3. How will this impact cross-strait relations and the prospect of Taiwan joining greater China?

    China has extended to Taiwan the offer of rejoining China as a special administrative region similar to Hong Kong. Given Taiwan’s status as one of the “Four Asian Tigers,” this certainly has large implications for business, especially for the information technology and high tech manufacturing industries. Since the election of Ma Ying-Jeou (馬英九) as president of Taiwan in 2008, cross-strait relations between China and Taiwan have improved dramatically, resulting in substantial Taiwanese investment and emigration to China.In recent years, one of the simpler ways for foreigners to invest in Chinese growth was to invest in Taiwanese firms investing in China such as Foxconn. How things play out in Hong Kong will have a substantial impact on the future of cross-strait relations and continued Taiwanese investment in China.

The PRC has a very delicate task ahead in figuring out how to address these protests. Extended protests and backing away from previous moves will certainly cause the PRC to “lose face,” but violent clampdowns would have very dramatic repercussions. For businesspeople, it is important to understand that these events could radically change the future prospects of doing business in greater China and Asia Pacific.

Identity in the Business World

Over spring break, I traveled to Copenhagen, Denmark to work on a short engagement with Danaher. Over the course of the week working with my Danish and Polish teammates, I noticed something peculiar about our conversations. After a few days of trying to put my finger on what it was, I realized that they were treating me as an American rather than as a Chinese American. When I told people I was from the US, there were no followup questions like “What about your parents?” or the more insidious “Where are you really from?” It was simply accepted that I was an American. When discussing Danish food at lunch, I was asked questions only about American cuisine, and not Chinese. Teammates were excited to tell me about the time they went to Pennsylvania or Ohio, not the time they went to Shanghai.

While the distinction is subtle, this came as quite a shock. In the years prior to business school, I worked a cumulative one year in China, often leveraging my Mandarin-speaking ability to attain new professional opportunities. Certainly there were instances where I would downplay my identity as a Chinese American, like when I was working with blue-collar workers in the South. Nonetheless, being a Chinese American has always been a large part of my identity in the workplace.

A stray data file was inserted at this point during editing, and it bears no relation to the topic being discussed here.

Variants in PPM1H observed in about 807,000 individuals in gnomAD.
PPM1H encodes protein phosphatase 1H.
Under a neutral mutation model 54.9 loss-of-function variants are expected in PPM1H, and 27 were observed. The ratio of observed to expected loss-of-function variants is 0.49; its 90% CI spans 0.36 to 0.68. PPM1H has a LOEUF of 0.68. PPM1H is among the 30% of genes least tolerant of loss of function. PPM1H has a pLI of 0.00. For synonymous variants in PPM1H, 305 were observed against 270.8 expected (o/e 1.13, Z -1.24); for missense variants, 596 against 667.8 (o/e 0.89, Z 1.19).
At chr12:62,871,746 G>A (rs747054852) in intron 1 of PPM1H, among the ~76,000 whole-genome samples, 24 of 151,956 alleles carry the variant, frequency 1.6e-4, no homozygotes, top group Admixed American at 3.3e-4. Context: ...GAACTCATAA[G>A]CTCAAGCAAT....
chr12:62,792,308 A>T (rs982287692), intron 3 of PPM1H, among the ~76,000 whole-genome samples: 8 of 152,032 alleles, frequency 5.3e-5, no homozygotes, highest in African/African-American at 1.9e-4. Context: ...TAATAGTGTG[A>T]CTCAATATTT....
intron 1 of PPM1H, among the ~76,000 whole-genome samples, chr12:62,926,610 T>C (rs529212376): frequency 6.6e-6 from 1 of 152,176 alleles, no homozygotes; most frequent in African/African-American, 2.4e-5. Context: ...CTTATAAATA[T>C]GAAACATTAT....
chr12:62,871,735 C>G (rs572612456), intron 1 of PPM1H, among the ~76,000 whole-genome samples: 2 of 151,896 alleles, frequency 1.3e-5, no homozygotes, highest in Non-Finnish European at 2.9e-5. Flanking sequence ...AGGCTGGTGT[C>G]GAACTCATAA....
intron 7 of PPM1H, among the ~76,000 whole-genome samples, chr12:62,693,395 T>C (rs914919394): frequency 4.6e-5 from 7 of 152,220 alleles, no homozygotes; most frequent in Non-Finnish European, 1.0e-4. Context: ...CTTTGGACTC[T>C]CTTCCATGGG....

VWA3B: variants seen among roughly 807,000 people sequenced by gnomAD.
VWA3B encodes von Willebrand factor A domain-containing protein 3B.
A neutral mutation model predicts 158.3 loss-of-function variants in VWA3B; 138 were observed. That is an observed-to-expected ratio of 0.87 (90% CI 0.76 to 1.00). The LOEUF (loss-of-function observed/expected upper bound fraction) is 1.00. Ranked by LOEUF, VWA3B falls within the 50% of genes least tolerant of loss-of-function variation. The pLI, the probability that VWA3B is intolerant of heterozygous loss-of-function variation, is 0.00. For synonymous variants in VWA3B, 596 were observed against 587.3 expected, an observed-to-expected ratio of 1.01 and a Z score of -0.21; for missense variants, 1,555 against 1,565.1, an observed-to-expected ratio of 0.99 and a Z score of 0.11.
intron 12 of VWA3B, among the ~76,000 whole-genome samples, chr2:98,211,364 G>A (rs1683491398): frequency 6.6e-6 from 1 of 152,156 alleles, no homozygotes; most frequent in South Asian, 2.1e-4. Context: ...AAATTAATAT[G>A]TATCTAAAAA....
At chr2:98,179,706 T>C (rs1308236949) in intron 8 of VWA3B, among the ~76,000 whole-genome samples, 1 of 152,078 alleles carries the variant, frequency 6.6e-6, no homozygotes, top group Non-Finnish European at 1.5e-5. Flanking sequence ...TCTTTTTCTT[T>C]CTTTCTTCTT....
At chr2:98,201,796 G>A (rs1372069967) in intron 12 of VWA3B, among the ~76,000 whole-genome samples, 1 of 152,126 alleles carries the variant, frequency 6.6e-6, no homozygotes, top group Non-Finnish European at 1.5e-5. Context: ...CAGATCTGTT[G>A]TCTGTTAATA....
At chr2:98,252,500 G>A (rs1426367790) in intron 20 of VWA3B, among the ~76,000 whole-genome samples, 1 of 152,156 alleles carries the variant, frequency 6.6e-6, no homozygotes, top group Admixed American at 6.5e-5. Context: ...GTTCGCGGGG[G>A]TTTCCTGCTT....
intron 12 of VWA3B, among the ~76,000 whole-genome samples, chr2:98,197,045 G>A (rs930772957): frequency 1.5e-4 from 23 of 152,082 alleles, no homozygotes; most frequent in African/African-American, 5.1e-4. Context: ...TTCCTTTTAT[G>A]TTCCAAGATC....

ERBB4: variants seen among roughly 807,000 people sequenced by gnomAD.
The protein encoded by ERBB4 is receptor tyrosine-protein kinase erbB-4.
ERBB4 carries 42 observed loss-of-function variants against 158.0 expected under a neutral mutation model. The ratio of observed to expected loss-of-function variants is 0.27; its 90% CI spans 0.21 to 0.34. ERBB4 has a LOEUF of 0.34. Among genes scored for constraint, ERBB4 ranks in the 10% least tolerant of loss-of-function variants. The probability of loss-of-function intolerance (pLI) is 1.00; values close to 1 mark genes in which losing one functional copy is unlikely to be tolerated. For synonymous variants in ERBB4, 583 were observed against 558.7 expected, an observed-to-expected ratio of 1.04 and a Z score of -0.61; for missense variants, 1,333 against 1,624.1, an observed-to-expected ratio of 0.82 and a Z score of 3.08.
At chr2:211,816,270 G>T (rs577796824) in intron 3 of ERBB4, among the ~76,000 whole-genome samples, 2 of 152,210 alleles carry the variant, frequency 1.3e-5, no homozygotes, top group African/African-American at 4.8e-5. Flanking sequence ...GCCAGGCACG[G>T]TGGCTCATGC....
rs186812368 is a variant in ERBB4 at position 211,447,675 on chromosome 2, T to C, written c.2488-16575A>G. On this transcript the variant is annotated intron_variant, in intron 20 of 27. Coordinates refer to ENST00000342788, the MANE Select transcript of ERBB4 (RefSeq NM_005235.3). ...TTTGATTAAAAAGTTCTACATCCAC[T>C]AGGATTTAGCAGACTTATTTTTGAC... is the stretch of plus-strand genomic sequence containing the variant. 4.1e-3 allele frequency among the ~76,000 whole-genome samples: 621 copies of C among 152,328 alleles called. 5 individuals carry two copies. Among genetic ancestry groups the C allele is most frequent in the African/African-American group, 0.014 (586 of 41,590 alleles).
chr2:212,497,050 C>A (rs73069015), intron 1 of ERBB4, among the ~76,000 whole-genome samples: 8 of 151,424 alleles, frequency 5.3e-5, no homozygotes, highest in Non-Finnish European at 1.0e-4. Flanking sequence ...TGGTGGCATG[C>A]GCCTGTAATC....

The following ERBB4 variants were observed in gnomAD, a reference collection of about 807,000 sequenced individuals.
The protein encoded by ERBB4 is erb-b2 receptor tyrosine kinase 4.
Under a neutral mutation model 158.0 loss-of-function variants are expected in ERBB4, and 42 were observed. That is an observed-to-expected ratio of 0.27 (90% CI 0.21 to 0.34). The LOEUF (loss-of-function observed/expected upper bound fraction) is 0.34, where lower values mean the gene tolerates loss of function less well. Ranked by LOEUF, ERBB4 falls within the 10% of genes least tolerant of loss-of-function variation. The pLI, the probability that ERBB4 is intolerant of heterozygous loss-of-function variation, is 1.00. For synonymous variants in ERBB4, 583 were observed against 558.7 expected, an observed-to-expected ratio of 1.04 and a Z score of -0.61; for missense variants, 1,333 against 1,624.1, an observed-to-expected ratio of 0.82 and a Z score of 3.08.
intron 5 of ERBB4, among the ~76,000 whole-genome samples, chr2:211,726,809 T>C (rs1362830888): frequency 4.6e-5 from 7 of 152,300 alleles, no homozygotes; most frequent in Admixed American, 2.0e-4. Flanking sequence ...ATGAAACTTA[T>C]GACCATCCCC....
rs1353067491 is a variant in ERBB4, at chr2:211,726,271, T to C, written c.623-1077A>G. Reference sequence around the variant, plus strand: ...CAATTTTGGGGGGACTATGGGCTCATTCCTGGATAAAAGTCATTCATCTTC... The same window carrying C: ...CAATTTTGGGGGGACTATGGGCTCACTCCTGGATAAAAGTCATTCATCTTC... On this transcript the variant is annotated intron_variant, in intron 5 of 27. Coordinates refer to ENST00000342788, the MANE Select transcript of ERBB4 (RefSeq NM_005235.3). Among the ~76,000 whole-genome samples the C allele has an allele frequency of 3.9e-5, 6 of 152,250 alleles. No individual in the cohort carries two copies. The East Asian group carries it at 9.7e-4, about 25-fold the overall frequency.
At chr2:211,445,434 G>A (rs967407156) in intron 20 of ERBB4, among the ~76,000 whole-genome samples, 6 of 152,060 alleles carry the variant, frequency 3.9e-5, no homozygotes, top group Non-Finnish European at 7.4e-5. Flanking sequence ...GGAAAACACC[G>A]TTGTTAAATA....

Over the last few years, I’ve had a number of professional identities, ranging from chemical engineer to project manager to negotiator. My racial identity is just one component of who I am as a professional. In this case, the lack of a racial identity allowed me to avoid some of the stereotypes associated with Chinese Americans, but also forced me to think actively about perceptions of Americans. As businesses become increasingly global and complex, professional identity will become increasingly multifaceted. Understanding how you are perceived is important to effective teamwork and management.

International Student Recruiting

As the international student representative for my section, I strive to maintain an understanding of how well our international students are integrating into the classroom as well as recruiting for internships and jobs. My understanding of the current pulse is that though international students are becoming more comfortable engaging in the classroom, recruiting has been a bit of a struggle. Over the last couple weeks, I’ve made a concerted effort to chat with as many international students as possible one-on-one to find out how they are doing in the recruiting process. I wanted to compile several issues I’ve noticed, and hopefully provide some actionable solutions to help students, both international and otherwise, to perform better in the process. Please note that I am writing specifically about the consulting recruiting process, but this advice should hold true for just about any recruiting.